The decision has been branded ‘baffling’ and ‘an act of cowardice’

A conference discussing the impact of the Charlie Hebodo murders has been cancelled by Queens university Vice Chancellor Paul Johnston.

The conference, “Understanding Charlie: New perspectives on contemporary citizenship after Charlie Hebdo”, was due to be hosted by QUB’s Institute for Collaborative Research in the Humanities in June and was to feature academics from other Universities in the UK and Ireland.

However shock news yesterday revealed delegates received an email telling them:

“The Vice Chancellor at Queen’s University Belfast has made the decision just this morning he does not wish our symposium to go ahead.

“He is concerned about the security risk for delegates and about the reputation of the university.”

Twelve people where shot dead on January 7th this year by two brothers at the Charlie Hebodo offices in Paris, claiming the murders were in response to published cartoons satirizing the prophet Muhammad.

There has been strong criticism of the cancellation by some of the delegates involved and members of the press.

The reputation of the University is cited as one excuse for cancelling

The reputation of the University is cited as one excuse for cancelling

Oxford University philosophy professor Brian Klug was due to speak at the event and is “baffled and dismayed” by the VC’s decision to cancel it.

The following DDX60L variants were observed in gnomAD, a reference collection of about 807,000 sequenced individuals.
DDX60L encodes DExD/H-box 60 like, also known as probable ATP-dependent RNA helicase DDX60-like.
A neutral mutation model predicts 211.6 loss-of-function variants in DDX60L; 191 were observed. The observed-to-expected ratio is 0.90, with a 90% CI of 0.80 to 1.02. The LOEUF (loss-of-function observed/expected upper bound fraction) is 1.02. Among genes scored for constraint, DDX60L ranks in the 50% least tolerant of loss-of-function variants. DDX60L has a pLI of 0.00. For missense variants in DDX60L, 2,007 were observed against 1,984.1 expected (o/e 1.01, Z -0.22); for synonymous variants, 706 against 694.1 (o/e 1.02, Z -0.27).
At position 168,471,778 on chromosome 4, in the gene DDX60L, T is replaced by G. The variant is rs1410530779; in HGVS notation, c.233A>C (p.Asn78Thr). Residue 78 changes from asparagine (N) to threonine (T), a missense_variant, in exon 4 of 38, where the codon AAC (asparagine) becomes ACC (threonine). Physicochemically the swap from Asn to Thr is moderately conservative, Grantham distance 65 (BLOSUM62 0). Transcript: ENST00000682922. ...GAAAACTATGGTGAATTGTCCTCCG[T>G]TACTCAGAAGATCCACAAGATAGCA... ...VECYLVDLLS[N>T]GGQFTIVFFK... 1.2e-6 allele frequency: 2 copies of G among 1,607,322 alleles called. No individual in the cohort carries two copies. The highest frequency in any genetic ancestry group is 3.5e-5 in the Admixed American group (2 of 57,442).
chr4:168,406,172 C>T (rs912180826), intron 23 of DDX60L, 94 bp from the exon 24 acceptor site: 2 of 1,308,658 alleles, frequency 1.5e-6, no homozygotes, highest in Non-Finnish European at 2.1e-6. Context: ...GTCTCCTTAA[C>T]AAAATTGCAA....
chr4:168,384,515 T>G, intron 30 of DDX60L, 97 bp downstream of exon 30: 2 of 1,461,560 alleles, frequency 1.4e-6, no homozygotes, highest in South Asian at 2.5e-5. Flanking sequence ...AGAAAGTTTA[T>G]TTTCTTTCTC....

He said: “I don’t understand either of his concerns. The second – the reputation of the university – strikes me as ironic, as his action does not exactly reflect well on Queens.”

Jason Walsh, the Irish correspondent for the Christian Science Monitor and a philosophy doctoral candidate at University College Dublin, was also due to present a paper at the symposium.

Walsh also criticised the VC. He said: “There was no security risk, unless the potential for hurt feelings after a bit of shouting is now considered a matter of security.

“The real reason for the cancellation was given away with the mention of reputation.

“I’m actually from Belfast, so I find the idea of security risk somewhat puzzling,”

“There were no shortage of security risks during the Troubles and I’m sure no university decided that merely speaking on an issue was too dangerous.”

Nick Cohen of the Spectator simply called it an “act of cowardice”.

Queen’s have told press outlets the university will make no further comment.